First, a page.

• Member of the Catalina Foothills School District Foundation
  • Member of the Catalina Foothills High School Strategic Planning Committee
  • Volunteer for Catalina Foothills High School parent spirit committees, such as band, pomline, Grad Night, swim team
  • Former member of Tucson Rotary; Coordinator of Norma Peale book drive for Kino Hospital waiting room
  • Member of Federation and co-chairperson of “Connections.”
  • Member of Assistance League; committee advisor to Assisteens
  • Organizer for a reunion of the retired Pima County Superior Court judges
  • Founding organizer for the return of the Sunday Evening Forum of Tucson; Justice Sandra Day O’Conner is first invited guest.
  • Volunteer for the Tucson Festival of Books
Family History

Judge Segal is the youngest daughter of Dr. Bernard and Judge Lillian Fisher. Dr. Fisher, deceased, was a dentist on the far east side. Judge Fisher was a Pima County Superior Court Judge and served as the first woman juvenile court judge. Judge Segal’s brother, Michael, a Florida school teacher. Her sister is Margie Fisher Cunningham, a prominent Tucson family law attorney. Dr. Robert Segal’s mother and sister also live in Tucson.

The Segals have three children: Stephen was recently honorably discharged from overseas military service; Brad is a medical student at Harvard Medical School and Bonnie is completing her undergraduate degree to be an elementary school teacher the University of Arizona.

In 1995, the Segals moved to Las Cruces, New Mexico to be out of the cold winters and closer to the Southwest. Judge Segal began teaching at New Mexico State University. She taught criminal law and procedure, communications law, courts and legal process and administrative law. While in New Mexico, Judge Segal served as a girl scout leader, a cub scout leader and she organized a children’s summer swim teach. She also co-authored a book, “Mental Health Laws of New Mexico.”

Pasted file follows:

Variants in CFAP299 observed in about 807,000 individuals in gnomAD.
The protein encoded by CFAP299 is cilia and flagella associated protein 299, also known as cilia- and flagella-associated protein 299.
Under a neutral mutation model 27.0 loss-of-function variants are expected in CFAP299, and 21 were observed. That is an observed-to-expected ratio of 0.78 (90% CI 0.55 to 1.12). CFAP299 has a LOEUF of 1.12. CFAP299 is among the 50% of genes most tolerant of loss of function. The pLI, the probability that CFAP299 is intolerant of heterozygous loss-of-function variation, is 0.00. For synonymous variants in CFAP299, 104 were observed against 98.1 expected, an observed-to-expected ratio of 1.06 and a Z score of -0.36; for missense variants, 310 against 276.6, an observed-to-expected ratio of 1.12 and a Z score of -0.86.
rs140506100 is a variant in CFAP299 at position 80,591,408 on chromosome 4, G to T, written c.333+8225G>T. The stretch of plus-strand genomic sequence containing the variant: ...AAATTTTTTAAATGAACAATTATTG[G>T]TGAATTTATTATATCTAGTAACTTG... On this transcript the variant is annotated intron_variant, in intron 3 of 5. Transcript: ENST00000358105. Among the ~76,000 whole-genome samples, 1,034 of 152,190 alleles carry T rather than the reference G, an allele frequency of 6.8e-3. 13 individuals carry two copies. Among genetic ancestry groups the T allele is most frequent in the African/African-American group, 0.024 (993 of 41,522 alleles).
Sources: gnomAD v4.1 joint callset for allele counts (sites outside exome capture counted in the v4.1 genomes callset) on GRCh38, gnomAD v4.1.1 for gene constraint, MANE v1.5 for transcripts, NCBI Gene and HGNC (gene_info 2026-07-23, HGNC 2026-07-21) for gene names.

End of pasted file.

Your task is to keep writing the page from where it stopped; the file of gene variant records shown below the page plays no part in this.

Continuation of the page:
Judge Segal was elected to be a magistrate judge in Dona Ana County, a position similar to that of the Justice of the Peace. While serving as a magistrate judge, Judge Segal served on the New Mexico Supreme Court Committee for Rules of Court of Limited Jurisdiction. She also served as the alternative judge for the Dona Ana County Drug/Alcohol Court.

In 2004, the Segal moved to Tucson. Judge Segal’s mother is retired Pima County Superior Court judge Lillian Fisher. Her sister is a well-respected family law attorney, Margie Fisher Cunningham. Dr. Segal mother, Bertha Segal, and his sister and brother-in-law also live in Tucson. The Segal children attended Orange Gove Middle School and all graduated from Catalina Foothills High School. The children participated in the school band, pomline, student government and swim team. Judge Segal was also very active in the school community. She was president of the Catalina Foothills High School family Faculty Organization,

Judge Segal was an adjunct professor at the University of Arizona. She taught various undergraduate courses, including Law and Media, Arizona Educations laws, Law and Society, Courtroom Process and Procedures, Law and Public Policy.